The narrative of “Cabaret,” based on the play, “I Am a Camera,” which itself was based on Christopher Isherwood’s novel, “Goodbye to Berlin,” shows Herr Schultz’s relationship blossom with Fraulein Schneider until the mounting animosity against Jews threatens his business and his prospects for marrying the woman he loves. Sally Bowles — played in this production by film actress Michelle Williams — may get the heartbreaking musical number near the show’s end, but it is Herr Schultz who experiences Berlin’s dismantling most acutely.

This isn’t the first time Burstein has taken on characters that are guided by their Jewish identity: just last year he played Matt Friedman in Lanford Wilson’s “Talley’s Folly.” The actor admits that what excites him most are characters that are entirely new and that “terrify” him when he takes the job. Now a four-time Tony nominee, he has played such varied roles as Aldolpho in “The Drowsy Chaperone,” Luther Billis in “South Pacific,” Buddy Plummer in Stephen Sondheim’s “Follies,” and the boxing trainer Tokio in Clifford Odets’ Golden Boy.

This past theater season has also provided Burstein with an immersive experience in German characters and their accents. “This has been my German year,” he says. “I had to have a German accent for The Snow Geese earlier this season with Mary Louise Parker, and then I went right into “Die Fledermaus” at the Met. And each vocal coach that you work with has a slightly different attitude toward what the German accent should be. Your biggest fear is that you sound like one of the bad characters from ‘Hogan’s Heroes.’”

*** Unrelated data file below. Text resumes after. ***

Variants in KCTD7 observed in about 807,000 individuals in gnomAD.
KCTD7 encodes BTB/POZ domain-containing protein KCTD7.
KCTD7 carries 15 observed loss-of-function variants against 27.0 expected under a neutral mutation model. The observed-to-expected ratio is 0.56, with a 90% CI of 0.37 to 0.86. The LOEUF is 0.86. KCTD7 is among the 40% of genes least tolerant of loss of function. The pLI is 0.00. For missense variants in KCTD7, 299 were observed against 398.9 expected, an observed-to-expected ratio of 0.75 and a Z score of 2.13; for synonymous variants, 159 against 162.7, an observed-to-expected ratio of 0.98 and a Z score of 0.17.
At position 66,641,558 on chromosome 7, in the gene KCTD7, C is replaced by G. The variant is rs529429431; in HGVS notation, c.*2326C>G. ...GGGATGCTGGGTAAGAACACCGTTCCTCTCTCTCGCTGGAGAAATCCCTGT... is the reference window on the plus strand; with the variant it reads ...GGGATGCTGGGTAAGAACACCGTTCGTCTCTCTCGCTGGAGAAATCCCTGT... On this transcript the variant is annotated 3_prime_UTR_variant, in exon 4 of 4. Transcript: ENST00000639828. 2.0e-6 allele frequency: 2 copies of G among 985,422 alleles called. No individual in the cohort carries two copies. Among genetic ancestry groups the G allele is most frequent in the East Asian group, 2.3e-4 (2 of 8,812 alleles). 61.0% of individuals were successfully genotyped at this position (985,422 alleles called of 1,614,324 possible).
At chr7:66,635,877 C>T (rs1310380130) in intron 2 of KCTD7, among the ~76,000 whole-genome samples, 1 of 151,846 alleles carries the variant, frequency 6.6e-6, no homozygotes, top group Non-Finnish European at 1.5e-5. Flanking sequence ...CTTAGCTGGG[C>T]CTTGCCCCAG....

Beyond the accent and physical characteristics, Burstein, the son of a Jewish father and Costa Rican mother who identifies strongly as a Jew, has worked on illuminating Herr Schultz’s experience as a Jew in the presence of prejudice. A particularly dramatic moment for his character occurs at a party hosted by Herr Schultz and Fraulein Schneider in honor of their engagement. A guest of theirs arrives, and as he removes his overcoat, a Nazi armband is visible on his sleeve.

“Sam [Mendes] is very smart,” Burstein observes. “He doesn’t need big swastikas everywhere to let you know, ‘This is bad.’ It’s just a guy who takes off his overcoat. It’s so smartly written. And so simple. He takes off his coat and he’s wearing that damn armband, and then everything you thought and everything you knew has changed.”

Reflecting on the musical as a whole, Burstein says, “Ultimately, it’s a cautionary tale. Don’t be naïve the evils around you. Participate and take part in what is going on in your government. Don’t be silent.”

“Cabaret” isn’t typically thought of as Jewish theater in the same vein as, say, “Fiddler on the Roof,” but the themes and motifs do point in the same direction. Of course, both had creative teams comprised of Jews, but that’s hardly saying much in the theater. As Burstein sees it, what makes Cabaret, or any show for that matter, a “Jewish” musical is more about the emotions that ripple outward. “It’s the humor,” he says. “It’s the minor keys. It’s just a sound. It’s a longing, a pathos.”

“Cabaret” opens April 24 at Studio 54 254 West 54th Street, New York NY 10019. Call 212-719-1300 or go to for tickets.